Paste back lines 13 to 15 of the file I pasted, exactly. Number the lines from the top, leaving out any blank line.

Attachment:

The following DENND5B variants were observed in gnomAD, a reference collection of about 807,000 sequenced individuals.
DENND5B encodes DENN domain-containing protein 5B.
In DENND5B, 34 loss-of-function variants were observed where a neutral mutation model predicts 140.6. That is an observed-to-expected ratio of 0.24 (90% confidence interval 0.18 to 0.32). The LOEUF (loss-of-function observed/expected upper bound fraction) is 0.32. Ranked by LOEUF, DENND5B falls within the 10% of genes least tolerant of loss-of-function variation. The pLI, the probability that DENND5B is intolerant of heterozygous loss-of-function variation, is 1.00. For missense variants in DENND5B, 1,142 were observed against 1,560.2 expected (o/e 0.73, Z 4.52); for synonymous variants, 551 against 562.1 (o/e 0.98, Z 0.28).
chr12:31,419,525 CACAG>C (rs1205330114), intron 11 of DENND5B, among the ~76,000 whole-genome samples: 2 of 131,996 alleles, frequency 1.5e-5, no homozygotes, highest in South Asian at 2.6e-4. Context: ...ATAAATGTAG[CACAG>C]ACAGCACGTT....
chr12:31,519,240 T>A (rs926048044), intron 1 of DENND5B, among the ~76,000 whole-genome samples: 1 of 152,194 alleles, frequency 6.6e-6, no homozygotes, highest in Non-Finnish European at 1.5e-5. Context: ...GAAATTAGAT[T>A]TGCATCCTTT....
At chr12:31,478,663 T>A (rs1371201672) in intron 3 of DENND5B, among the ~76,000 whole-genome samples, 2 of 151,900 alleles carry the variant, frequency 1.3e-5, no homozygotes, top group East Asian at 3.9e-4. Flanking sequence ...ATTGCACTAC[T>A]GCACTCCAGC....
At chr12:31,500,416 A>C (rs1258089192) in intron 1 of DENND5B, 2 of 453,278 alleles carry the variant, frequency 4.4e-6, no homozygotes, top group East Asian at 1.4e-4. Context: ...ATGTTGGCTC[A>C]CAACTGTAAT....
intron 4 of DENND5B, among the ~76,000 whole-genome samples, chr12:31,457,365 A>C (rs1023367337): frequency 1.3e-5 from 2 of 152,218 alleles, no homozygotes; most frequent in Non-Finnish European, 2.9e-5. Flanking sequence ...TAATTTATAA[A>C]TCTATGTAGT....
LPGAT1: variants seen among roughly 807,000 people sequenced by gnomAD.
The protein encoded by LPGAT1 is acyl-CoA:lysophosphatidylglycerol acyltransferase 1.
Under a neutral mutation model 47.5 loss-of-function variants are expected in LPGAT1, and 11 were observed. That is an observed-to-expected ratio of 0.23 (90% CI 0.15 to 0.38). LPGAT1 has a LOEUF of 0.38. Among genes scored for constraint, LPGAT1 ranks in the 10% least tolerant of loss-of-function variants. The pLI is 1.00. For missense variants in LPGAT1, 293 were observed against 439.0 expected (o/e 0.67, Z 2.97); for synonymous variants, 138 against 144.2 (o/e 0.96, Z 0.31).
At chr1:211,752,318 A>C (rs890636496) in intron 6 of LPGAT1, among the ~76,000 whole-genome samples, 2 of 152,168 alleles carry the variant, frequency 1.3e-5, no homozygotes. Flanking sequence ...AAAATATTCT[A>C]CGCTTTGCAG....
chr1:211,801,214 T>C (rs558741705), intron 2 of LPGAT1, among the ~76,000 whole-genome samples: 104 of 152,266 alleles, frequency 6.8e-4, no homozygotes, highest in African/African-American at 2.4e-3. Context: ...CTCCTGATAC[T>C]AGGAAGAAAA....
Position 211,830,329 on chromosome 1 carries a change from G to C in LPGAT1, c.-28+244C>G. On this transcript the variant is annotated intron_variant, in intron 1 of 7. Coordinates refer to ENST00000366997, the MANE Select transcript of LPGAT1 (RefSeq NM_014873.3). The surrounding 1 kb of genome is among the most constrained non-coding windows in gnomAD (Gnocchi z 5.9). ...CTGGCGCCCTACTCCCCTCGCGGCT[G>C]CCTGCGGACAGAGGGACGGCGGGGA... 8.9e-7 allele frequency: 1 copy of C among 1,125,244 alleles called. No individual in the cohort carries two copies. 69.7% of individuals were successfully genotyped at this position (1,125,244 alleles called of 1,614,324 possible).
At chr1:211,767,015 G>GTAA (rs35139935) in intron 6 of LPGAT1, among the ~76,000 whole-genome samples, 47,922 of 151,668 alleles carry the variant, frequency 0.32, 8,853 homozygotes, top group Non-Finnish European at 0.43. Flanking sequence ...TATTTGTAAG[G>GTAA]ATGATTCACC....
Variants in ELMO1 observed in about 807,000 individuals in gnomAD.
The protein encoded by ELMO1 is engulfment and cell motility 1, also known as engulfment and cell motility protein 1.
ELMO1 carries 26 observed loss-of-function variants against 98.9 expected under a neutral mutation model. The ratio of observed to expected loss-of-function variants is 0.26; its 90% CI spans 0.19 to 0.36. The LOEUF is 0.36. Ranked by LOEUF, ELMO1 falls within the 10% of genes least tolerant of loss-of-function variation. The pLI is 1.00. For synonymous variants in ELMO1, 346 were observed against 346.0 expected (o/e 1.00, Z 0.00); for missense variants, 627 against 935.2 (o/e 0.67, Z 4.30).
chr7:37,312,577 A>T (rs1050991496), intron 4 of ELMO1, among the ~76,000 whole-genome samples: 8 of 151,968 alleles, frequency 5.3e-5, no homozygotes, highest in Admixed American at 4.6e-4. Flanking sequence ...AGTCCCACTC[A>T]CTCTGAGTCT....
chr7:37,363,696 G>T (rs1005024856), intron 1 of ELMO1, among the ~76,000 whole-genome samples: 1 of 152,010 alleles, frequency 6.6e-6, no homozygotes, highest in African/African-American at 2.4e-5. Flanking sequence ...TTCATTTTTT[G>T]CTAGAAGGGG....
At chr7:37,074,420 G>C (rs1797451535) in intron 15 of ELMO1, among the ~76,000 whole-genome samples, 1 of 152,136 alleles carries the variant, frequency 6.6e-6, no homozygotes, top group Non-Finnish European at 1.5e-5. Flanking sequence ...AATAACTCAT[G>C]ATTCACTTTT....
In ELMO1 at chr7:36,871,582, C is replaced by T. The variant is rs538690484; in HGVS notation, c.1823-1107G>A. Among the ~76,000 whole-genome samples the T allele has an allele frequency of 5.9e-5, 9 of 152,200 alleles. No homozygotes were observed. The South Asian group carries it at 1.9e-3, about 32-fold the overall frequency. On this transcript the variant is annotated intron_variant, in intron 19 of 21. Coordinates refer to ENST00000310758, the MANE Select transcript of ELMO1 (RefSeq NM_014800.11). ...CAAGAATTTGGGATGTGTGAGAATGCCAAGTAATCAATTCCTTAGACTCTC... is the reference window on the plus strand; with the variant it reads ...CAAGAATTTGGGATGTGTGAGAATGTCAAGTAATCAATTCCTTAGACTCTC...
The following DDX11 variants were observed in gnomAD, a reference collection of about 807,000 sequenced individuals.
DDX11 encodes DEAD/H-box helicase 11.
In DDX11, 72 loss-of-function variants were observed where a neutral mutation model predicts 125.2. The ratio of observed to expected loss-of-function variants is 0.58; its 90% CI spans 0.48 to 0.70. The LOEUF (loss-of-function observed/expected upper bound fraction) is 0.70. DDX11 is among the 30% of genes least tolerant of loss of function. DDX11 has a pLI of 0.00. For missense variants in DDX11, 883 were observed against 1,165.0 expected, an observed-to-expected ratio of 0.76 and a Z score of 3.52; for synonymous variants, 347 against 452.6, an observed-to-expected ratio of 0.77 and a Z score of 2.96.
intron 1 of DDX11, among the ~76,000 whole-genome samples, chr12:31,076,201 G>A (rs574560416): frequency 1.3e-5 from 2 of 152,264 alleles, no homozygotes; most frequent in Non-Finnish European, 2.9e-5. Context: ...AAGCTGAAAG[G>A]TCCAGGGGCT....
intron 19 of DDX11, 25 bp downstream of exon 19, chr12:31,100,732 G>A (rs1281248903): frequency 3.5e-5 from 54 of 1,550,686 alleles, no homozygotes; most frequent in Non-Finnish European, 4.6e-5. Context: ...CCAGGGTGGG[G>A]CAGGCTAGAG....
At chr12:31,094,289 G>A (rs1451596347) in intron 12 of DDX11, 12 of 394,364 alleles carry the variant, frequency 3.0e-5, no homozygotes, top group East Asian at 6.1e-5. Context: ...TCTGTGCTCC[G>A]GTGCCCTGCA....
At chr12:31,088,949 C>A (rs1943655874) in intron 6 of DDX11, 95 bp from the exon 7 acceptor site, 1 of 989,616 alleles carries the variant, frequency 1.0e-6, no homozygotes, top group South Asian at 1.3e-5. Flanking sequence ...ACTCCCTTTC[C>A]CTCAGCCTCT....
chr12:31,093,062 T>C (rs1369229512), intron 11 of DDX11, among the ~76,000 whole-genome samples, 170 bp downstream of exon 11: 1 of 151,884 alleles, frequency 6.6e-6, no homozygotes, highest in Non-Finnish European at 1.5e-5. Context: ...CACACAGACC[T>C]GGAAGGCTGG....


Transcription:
chr1:211,801,214 T>C (rs558741705), intron 2 of LPGAT1, among the ~76,000 whole-genome samples: 104 of 152,266 alleles, frequency 6.8e-4, no homozygotes, highest in African/African-American at 2.4e-3. Context: ...CTCCTGATAC[T>C]AGGAAGAAAA....
Position 211,830,329 on chromosome 1 carries a change from G to C in LPGAT1, c.-28+244C>G. On this transcript the variant is annotated intron_variant, in intron 1 of 7. Coordinates refer to ENST00000366997, the MANE Select transcript of LPGAT1 (RefSeq NM_014873.3). The surrounding 1 kb of genome is among the most constrained non-coding windows in gnomAD (Gnocchi z 5.9). ...CTGGCGCCCTACTCCCCTCGCGGCT[G>C]CCTGCGGACAGAGGGACGGCGGGGA... 8.9e-7 allele frequency: 1 copy of C among 1,125,244 alleles called. No individual in the cohort carries two copies. 69.7% of individuals were successfully genotyped at this position (1,125,244 alleles called of 1,614,324 possible).
At chr1:211,767,015 G>GTAA (rs35139935) in intron 6 of LPGAT1, among the ~76,000 whole-genome samples, 47,922 of 151,668 alleles carry the variant, frequency 0.32, 8,853 homozygotes, top group Non-Finnish European at 0.43. Flanking sequence ...TATTTGTAAG[G>GTAA]ATGATTCACC....